2018 brought plenty of hours of spring cleaning at BON Hotels: we cleared out the cobwebs and passed on projects, properties and relationships that, like outdated clothing, no longer fit us nicely. The result was an interesting period of introspection and lying low. This ‘keeping a low profile’ has served me well, allowing me to confirm our core track and reassuring me that as hoteliers, it is important to reinforce, with both our owners and clients, that we all need to ‘stay in our lanes’.
There’s a terrible saying amongst hotel management companies suggesting that the last time an owner and a management company ‘share a smile’ is when they sign the management contract. While it’s shocking to think that this is a clandestine norm, to be honest, nothing can prepare you for the commencement of a real, nitty-gritty relationship between hotel owner and hotel management company. The secret to a successful relationship depends on a multitude of factors, but underpinning all, the cornerstone and fundamental understanding is simple:
One of you is an owner and one of you is an operator. And that’s that.
But managing expectations is much easier than it sounds; this is why we kick off our relationship with owners with the BON Bill of Rights, a detailed document that outlines roles, responsibilities and rights of owners during the course of our relationship.
Make no bones about it, an investment into a hotel is a significant financial undertaking so we cannot fault a hotel owner for battling to ‘let go’; however, it is the ‘letting go’ that allows a management company to do what they do best: administer, manage and market a hotel. In this undertaking, the guarantee is to enlist their best expertise in order to make a success of things.
Many hotel companies have merely owned a hotel. But I can attest that owning a hotel and managing a hotel are poles apart. We insist (having learnt the hard way) that our owners are fully aware of our expectations from them and, to the contrary, what they should expect from us. Hotel operators need to put their hands up and take responsibility for the good times as well as the bad. Being responsive in bad times is paramount, reacting when the hotel is under stress and flipping those situations into positives is part of the deal.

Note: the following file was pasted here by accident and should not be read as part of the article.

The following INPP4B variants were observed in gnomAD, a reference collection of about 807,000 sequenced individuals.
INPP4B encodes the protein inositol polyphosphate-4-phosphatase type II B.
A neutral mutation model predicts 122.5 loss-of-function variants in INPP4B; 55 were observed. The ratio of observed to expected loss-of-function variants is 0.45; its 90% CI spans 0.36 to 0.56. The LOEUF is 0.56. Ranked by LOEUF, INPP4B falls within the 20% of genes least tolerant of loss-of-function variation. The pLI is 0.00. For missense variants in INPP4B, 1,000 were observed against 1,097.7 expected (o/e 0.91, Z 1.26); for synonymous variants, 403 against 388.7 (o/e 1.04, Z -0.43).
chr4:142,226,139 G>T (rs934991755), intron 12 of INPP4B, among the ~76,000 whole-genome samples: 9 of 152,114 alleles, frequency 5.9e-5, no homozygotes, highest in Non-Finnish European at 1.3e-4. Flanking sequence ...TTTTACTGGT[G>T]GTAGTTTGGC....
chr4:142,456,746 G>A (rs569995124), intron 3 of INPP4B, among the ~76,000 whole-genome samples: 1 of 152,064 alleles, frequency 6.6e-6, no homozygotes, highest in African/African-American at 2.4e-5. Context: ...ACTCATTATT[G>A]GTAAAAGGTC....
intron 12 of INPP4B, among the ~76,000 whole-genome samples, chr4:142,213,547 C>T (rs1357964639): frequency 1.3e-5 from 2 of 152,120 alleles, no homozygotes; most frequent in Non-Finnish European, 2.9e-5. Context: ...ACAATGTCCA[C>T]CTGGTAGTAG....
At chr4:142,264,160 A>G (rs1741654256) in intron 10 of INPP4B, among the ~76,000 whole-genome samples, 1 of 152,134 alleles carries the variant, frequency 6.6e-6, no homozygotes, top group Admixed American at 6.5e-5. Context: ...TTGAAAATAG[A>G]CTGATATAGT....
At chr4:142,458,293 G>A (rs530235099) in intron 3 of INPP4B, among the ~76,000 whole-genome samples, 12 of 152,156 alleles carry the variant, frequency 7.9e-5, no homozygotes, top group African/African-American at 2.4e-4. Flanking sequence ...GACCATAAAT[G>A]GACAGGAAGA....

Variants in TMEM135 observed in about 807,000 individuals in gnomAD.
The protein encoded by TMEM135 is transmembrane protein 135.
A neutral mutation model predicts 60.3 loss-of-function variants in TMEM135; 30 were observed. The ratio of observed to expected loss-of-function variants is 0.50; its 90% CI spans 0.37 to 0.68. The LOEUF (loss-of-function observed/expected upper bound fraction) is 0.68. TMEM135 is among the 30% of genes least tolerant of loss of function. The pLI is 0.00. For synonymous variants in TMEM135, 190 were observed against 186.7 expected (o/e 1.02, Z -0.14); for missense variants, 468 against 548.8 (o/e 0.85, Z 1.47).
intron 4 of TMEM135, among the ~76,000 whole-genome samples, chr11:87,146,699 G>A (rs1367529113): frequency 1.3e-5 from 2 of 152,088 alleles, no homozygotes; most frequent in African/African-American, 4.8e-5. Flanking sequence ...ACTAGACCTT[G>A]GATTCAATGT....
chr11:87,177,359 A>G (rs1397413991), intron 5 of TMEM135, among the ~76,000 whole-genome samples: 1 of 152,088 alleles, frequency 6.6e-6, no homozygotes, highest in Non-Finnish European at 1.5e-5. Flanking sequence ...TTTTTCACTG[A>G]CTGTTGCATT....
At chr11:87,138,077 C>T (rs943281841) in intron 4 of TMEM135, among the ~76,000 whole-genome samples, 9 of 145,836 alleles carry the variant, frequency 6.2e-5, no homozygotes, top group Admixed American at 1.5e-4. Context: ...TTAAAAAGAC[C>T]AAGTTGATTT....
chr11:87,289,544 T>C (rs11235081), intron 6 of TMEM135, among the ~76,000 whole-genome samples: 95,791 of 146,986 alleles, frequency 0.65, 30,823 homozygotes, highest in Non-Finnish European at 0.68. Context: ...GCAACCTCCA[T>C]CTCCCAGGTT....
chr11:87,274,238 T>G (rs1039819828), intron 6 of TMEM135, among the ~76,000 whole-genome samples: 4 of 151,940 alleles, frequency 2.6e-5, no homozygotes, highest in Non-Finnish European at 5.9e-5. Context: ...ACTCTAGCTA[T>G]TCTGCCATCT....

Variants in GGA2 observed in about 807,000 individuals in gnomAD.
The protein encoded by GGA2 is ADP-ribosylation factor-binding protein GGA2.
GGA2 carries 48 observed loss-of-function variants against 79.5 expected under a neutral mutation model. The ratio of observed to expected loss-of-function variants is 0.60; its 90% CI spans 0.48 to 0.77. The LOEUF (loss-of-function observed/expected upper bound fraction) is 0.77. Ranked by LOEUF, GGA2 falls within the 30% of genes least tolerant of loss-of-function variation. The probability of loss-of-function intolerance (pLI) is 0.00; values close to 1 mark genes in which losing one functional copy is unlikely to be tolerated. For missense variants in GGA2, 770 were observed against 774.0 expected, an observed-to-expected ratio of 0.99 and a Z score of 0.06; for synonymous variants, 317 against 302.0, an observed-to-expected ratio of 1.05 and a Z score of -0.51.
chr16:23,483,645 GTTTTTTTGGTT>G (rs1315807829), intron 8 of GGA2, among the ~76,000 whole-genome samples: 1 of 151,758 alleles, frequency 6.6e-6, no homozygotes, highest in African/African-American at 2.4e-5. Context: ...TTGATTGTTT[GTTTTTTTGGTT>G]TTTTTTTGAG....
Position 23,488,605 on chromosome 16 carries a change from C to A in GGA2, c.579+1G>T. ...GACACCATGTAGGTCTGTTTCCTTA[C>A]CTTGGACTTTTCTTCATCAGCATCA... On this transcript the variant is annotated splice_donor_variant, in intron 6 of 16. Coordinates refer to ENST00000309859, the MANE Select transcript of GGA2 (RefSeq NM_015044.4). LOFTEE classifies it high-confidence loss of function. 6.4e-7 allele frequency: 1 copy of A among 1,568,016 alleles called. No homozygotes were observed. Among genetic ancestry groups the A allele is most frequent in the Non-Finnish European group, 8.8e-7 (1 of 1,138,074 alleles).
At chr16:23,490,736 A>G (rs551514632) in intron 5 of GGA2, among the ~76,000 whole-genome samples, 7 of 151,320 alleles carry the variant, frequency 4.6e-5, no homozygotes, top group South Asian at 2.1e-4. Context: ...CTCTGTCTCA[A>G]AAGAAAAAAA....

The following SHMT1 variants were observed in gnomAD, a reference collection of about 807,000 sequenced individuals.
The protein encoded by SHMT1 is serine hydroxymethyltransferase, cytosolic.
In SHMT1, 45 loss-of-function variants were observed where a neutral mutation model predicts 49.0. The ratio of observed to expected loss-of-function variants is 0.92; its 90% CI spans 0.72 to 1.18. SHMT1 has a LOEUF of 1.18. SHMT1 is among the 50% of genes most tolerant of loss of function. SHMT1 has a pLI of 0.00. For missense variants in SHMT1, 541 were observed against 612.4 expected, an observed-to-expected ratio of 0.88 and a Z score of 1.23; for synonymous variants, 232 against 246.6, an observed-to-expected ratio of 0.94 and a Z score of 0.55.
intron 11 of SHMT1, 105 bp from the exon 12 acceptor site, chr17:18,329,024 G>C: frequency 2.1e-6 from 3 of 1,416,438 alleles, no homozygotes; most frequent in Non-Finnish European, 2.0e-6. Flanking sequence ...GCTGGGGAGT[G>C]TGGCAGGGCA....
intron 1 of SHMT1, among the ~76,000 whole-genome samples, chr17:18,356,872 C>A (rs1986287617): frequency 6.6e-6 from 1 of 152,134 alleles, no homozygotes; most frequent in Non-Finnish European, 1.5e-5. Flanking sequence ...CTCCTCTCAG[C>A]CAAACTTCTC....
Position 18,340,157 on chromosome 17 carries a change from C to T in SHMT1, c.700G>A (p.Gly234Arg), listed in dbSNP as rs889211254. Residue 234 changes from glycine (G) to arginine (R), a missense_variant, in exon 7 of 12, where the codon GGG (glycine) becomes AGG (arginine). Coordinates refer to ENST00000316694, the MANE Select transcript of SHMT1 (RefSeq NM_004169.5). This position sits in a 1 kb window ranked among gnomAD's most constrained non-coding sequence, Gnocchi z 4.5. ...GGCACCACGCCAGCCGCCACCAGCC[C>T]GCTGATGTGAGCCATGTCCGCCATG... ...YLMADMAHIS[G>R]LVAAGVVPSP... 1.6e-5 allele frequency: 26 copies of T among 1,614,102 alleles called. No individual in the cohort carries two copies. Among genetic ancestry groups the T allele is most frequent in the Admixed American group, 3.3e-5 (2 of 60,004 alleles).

Surely we go into these contracts having done our due diligence and completely confident that we are capable of adding value? Let’s face it, Mr. Hotshot hotel manager is not financially invested in a hotel he manages and therefore is not at any financial risk here, is he? Respecting the opposite workings of the relationship can only come from having a true understanding by having experienced both sides.
Listen, don’t think that I don’t enjoy the early stages of the relationship: the flirting, the courting and the allure of discovering if you really like each other is certainly all that its cracked up to be. The true test for me, though, is what follows, a couple of months down the line when the masks are removed. Are we still cracking a smile?
We will be if we stay in our own lanes.